Client computer systems 21, 25, 35, and 37 can each, with the appropriate web browsing software, view HTML pages provided by the web server 9. The ISP 5 provides Internet connectivity to the client computer system 21 through the modem interface 23 which can be considered part of the client computer system 21. The client computer system can be a personal computer system, a network computer, a Web TV system, a handheld wireless device, or other such computer system. Similarly, the ISP 7 provides Internet connectivity for client systems 25, 35, and 37, although as shown in FIG. 4A, the connections are not the same for these three computer systems. Client computer system 25 is coupled through a modem interface 27 while client computer systems 35 and 37 are part of a LAN. While FIG. 4A shows the interfaces 23 and 27 as generically as a “modem,” it will be appreciated that each of these interfaces can be an analog modem, ISDN modem, cable modem, satellite transmission interface (e.g. “Direct PC”), radio frequency (RF), cellular, or other interfaces for coupling a computer system to other computer systems. Client computer systems 35 and 37 are coupled to a LAN 33 through network interfaces 39 and 41, which can be Ethernet network or other network interfaces. The LAN 33 is also coupled to a gateway computer system 31 which can provide firewall and other Internet related services for the local area network. This gateway computer system 31 is coupled to the ISP 7 to provide Internet connectivity to the client computer systems 35 and 37. The gateway computer system 31 can be a conventional server computer system. Also, the web server system 9 can be a conventional server computer system.

Alternatively, as well-known, a server computer system 43 can be directly coupled to the LAN 33 through a network interface 45 to provide files 47 and other services to the clients 35, 37, without the need to connect to the Internet through the gateway system 31.

FIG. 4B shows one example of a conventional computer system that can be used as a client computer system or a server computer system or as a web server system. It will also be appreciated that such a computer system can be used to perform many of the functions of an Internet service provider, such as ISP 5. The computer system 51 interfaces to external systems through the modem or network interface 53. It will be appreciated that the modem or network interface 53 can be considered to be part of the computer system 51. This interface 53 can be an analog modem, ISDN modem, cable modem, token ring interface, satellite transmission interface (e.g. “Direct PC”), radio frequency (RF), cellular, or other interfaces for coupling a computer system to other computer systems. The computer system 51 includes a processing unit 55, which can be a conventional microprocessor such as an Intel Pentium microprocessor or Motorola Power PC microprocessor. Memory 59 is coupled to the processor 55 by a bus 57. Memory 59 can be dynamic random access memory (DRAM) and can also include static RAM (SRAM). The bus 57 couples the processor 55 to the memory 59 and also to non-volatile storage 65 and to display controller 61 and to the input/output (I/O) controller 67. The display controller 61 controls in the conventional manner a display on a display device 63 which can be a cathode ray tube (CRT) or liquid crystal display. The input/output devices 69 can include a keyboard, disk drives, printers, a scanner, and other input and output devices, including a mouse or other pointing device. The display controller 61 and the I/O controller 67 can be implemented with conventional well known technology. A digital image input device 61 can be a digital camera which is coupled to an I/O controller 67 in order to allow images from the digital camera to be input into the computer system 51. The non-volatile storage 65 is often a magnetic hard disk, an optical disk, or another form of storage for large amounts of data. Some of this data is often written, by a direct memory access process, into memory 59 during execution of software in the computer system 51. One of skill in the art will immediately recognize that the term “computer-readable medium” includes any type of storage device that is accessible by the processor 55 and also encompasses a carrier wave that encodes a data signal.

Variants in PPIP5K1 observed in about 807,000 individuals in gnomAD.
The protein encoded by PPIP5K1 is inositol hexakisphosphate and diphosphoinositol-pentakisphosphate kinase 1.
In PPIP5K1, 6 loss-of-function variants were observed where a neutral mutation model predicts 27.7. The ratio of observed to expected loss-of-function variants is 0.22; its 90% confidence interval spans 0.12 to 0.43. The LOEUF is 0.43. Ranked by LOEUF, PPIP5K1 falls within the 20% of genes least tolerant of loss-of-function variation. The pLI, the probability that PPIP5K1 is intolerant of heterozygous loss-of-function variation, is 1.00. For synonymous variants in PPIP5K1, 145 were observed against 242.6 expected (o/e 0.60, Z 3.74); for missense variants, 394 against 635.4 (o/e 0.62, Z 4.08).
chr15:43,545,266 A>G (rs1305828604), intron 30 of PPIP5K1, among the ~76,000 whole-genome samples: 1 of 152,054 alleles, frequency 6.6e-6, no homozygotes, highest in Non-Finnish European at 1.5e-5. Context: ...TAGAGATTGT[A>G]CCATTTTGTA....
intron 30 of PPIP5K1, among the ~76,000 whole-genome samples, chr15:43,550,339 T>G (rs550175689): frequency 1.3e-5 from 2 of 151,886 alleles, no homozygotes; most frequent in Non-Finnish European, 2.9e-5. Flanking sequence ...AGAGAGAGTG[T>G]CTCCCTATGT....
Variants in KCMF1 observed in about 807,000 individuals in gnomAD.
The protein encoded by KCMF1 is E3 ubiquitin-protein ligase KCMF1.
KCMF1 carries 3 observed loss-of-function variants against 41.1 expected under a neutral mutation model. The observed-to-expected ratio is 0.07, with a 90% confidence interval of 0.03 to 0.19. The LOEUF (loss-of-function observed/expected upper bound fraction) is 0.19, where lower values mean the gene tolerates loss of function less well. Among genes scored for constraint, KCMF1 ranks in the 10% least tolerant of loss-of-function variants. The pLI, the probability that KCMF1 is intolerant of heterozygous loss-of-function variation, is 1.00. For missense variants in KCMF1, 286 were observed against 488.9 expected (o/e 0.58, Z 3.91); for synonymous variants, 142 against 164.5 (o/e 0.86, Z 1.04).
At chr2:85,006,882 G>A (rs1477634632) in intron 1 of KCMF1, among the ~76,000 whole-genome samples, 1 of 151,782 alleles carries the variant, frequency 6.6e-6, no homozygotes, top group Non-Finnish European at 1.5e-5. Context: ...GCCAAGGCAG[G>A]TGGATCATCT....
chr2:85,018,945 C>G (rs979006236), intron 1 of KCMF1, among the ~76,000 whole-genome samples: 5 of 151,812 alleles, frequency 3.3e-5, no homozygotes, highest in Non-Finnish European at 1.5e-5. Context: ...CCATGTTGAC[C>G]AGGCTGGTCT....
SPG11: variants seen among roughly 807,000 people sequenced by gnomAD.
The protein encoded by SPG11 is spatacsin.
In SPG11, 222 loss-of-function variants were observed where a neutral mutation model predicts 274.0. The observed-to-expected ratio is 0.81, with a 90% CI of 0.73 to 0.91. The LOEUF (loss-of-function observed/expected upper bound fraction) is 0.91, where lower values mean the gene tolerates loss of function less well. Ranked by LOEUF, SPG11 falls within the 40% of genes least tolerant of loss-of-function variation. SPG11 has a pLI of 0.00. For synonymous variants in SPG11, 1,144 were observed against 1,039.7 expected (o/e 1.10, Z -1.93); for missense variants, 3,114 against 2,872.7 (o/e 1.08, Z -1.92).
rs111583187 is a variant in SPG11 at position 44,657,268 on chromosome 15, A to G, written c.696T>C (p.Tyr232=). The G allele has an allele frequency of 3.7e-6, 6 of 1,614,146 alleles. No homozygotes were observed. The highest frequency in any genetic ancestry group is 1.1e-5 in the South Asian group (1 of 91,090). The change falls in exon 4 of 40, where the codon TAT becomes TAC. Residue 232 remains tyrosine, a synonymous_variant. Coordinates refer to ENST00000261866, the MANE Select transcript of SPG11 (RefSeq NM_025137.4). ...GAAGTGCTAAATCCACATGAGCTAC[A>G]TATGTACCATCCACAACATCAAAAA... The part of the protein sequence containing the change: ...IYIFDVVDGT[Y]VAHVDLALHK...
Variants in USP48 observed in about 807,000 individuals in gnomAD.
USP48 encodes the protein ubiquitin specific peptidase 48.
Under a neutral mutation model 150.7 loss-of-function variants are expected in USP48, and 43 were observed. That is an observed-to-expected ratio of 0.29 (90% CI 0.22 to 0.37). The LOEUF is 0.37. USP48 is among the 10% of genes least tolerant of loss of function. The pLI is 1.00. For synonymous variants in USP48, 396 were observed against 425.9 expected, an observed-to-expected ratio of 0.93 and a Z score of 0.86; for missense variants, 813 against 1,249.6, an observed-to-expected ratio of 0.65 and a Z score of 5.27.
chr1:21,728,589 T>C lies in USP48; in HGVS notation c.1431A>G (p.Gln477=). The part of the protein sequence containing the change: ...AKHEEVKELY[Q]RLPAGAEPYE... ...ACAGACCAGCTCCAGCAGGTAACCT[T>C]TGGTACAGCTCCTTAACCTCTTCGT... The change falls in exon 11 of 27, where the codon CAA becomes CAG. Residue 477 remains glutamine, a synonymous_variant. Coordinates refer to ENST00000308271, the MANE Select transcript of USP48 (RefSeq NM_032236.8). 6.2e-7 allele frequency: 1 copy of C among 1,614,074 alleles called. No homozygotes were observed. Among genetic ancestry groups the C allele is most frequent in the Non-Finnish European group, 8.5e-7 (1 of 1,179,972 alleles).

It will be appreciated that the computer system 51 is one example of many possible computer systems which have different architectures. For example, personal computers based on an Intel microprocessor often have multiple buses, one of which can be an input/output (I/O) bus for the peripherals and one that directly connects the processor 55 and the memory 59 (often referred to as a memory bus). The buses are connected together through bridge components that perform any necessary translation due to differing bus protocols.

Network computers are another type of computer system that can be used with the present invention. Network computers do not usually include a hard disk or other mass storage, and the executable programs are loaded from a network connection into the memory 59 for execution by the processor 55. A Web TV system, which is known in the art, is also considered to be a computer system according to the present invention, but it may lack some of the features shown in FIG. 4B, such as certain input or output devices. A typical computer system will usually include at least a processor, memory, and a bus coupling the memory to the processor.

It will also be appreciated that the computer system 51 is controlled by operating system software which includes a file management system, such as a disk operating system, which is part of the operating system software. One example of an operating system software with its associated file management system software is the family of operating systems known as Windows® from Microsoft Corporation of Redmond, Wash., and their associated file management systems. The file management system is typically stored in the non-volatile storage x65 and causes the processor 55 to execute the various acts required by the operating system to input and output data and to store data in memory, including storing files on the non-volatile storage 65.

Automatic configuration of a computer firewall based on a address for a network adapter has been described. Although specific embodiments have been illustrated and described herein, it will be appreciated by those of ordinary skill in the art that any arrangement which is calculated to achieve the same purpose may be substituted for the specific embodiments shown. This application is intended to cover any adaptations or variations of the present invention.

For example, those of ordinary skill in the art will appreciate that while the invention as been described as configuring firewall software executing on the processing unit of the computer the firewall is protecting, the present invention is equally applicable to firewall software executing on a processing unit for a hardware firewall. Furthermore, one of ordinary skill in the art will immediately recognize that “network adapter” is a generic term for all network interfaces that connect a computer to any type of network environment. Therefore, it is manifestly intended that this invention be limited only by the following claims and equivalents thereof.

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Classifications
U.S. Classification726/11, 709/228, 709/224, 709/225
International ClassificationG06F15/173, G06F15/16, G06F9/00, G06F17/00
Cooperative ClassificationH04L63/20, H04L63/0263
European ClassificationH04L63/02B6